Packard Bell manufactures desktop PCs including the Spectrialine, a line of multimedia PCs with built-in monitors; the Platinum series, which includes the Platinum Supreme models with Intel Pentium processors with MMX technology; as well as the Standard Platinum line of Intel Pentium PCs offered at a lower entry price than other higher performance lines. In 1998, it added nine new models of multimedia computers, the Pack-Mate line, and its value-priced Legend series. In May 1998, the company created a new sub-$700 consumer PC category. The Packard Bell 500, with a suggested retail price of $699, contains a Cyrix 233 MHZ MMX Enhanced MediaGX processor with 24 MB of memory and a 2.1 GB harddrive.
In March 1998, Family PC magazine gave the Packard Bell Platinum 5100 its highest rating for durability. The magazine tested six popular home computers to see if they could withstand the rigors of active use, especially abuse by children. The magazine also ranked the computer high in reliability and gave Packard Bell its "Most Improved Player" award for gains the company made from 1996 to 1997.
CHRONOLOGY: Key Dates for Packard Bell NEC Inc.
Packard Bell begins making popular brand name radios
Teledyne purchases the struggling company
Beny Alagem buys the rights to the name for $100,000
Packard Bell Electronics Inc. is formed
The first Packard Bell computer is released
Packard Bell introduces software as part of its product line
NEC and Packard Bell merge to form Packard Bell NEC Inc.
Packard Bell, Texas Instruments, and U.S. Robotics join forces to offer 56 Kbps high-speed modems
Packard Bell also manufactures monitors. Zenith Data Systems, owned by Packard Bell NEC Inc., produces commercial servers, desktop PCs, laptop computers, and wireless remote PC interfaces.
Since 1995, Packard Bell estimates it has donated more than $2 million in equipment and resources to the Sacramento community, including a 1996 gift of more than $1 million worth of new multimedia PCs to seven different school districts and the police department. "We hope this donation will serve as a model for America, giving every child equal access to the Internet," CEO Beny Alagem said. "The interactive educational environment that people predicted by the year 2000 will be available in Sacramento schools today."
In addition, the company has been a major contributor to area universities and colleges, Junior Achievement, and the Florin Mall Learning Resources Center. Employees have volunteered to help numerous charities and have contributed to the annual Packard Bell NEC Season of Giving.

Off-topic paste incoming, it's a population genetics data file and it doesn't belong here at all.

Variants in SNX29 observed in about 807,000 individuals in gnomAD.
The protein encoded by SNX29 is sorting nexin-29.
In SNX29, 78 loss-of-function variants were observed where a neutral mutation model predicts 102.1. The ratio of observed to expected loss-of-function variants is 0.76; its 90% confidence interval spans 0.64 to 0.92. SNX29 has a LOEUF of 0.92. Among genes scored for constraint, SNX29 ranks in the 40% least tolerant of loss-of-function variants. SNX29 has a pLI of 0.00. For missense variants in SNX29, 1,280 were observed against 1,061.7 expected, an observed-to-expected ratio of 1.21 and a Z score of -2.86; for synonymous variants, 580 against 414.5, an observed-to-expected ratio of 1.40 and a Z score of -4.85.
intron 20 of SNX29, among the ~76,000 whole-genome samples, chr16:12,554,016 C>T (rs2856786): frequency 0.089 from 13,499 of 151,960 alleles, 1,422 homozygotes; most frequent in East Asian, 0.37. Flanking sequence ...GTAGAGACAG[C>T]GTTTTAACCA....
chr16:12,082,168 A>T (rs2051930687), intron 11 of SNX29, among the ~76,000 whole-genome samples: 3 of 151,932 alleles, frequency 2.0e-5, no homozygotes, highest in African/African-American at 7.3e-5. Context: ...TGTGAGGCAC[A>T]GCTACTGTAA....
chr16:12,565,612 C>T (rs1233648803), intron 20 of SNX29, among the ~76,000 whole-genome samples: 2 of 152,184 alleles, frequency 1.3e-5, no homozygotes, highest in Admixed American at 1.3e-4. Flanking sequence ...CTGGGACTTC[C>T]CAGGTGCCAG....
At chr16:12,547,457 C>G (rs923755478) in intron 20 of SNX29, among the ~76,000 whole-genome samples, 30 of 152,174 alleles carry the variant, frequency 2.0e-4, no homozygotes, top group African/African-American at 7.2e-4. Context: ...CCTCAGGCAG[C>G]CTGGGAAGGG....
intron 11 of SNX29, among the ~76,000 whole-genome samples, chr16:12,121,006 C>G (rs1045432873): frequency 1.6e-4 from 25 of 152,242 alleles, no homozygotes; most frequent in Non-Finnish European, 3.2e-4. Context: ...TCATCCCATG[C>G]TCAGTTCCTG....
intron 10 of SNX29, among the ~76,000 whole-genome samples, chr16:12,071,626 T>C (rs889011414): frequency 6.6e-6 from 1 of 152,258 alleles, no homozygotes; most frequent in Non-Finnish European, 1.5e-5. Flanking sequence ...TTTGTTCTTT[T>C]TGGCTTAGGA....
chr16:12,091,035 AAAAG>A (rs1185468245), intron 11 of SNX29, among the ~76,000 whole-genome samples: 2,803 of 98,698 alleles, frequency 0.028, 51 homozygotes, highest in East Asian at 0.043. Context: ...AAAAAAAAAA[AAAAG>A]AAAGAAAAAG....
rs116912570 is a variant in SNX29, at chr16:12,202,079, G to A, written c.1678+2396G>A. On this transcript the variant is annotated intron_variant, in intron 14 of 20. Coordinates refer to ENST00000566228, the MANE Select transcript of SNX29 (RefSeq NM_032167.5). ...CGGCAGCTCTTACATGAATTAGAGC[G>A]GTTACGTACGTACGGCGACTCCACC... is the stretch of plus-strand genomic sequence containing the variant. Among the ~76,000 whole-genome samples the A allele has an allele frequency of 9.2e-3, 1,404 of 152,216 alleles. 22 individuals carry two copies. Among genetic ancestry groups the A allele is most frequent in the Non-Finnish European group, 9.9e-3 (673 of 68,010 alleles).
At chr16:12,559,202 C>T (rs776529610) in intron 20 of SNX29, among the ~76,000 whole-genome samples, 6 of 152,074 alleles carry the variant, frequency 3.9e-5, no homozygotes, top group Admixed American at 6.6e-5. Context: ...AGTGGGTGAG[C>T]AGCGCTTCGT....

At the end of the 1990s, the company had a strong global presence, with manufacturing and distribution facilities in Australia, Brazil, China, Canada, France, Israel, Japan, Hong Kong, Singapore, South Africa, and the United States.
Packard Bell NEC has created more than 3,200 regular, full-time positions in Sacramento alone, and estimates it has created a secondary market of 10,000 jobs as a result of putting its headquarters in that surrounding community. The company has invested more than $4 million in employee training since 1996 and has employed 1,200 people who were formerly unemployed, under-employed, or receiving public assistance. Its annual payroll at its Sacramento site exceeds $150 million, according to the company.
SOURCES OF INFORMATION
armstrong, larry. "the numbers are crunching packard bell." business week, december 1996.
"computer giants slash prices." reuters, february 1997.
hoover's masterlist of major u.s. companies, 1997-98. austin, tx: the reference press, 1997.
"packard bell electronics, inc." hoover's online, 10 june 1998. available at http://www.hoovers.com.
packard bell home page, 17 may 1998. available at http://www.packardbell.com.
robertson, jack. "nec to retain separate brands." electronic buyer's news, march 1997.
williamson, margaret. "analyst questions value of merger for nec." computing canada, july 1996.
zuckerman, lawrence. "nec and packard bell in deal to create no. 4 pc maker." the new york times, june 1996.
For additional industry research:
investigate companies by their standard industrial classification codes, also known as sics. packard bell nec's primary sics are:
3571 Electronic Computers
3679 Electronic Components, NEC
3999 Manufacturing Industries, NEC
7379 Computer Related Services, NEC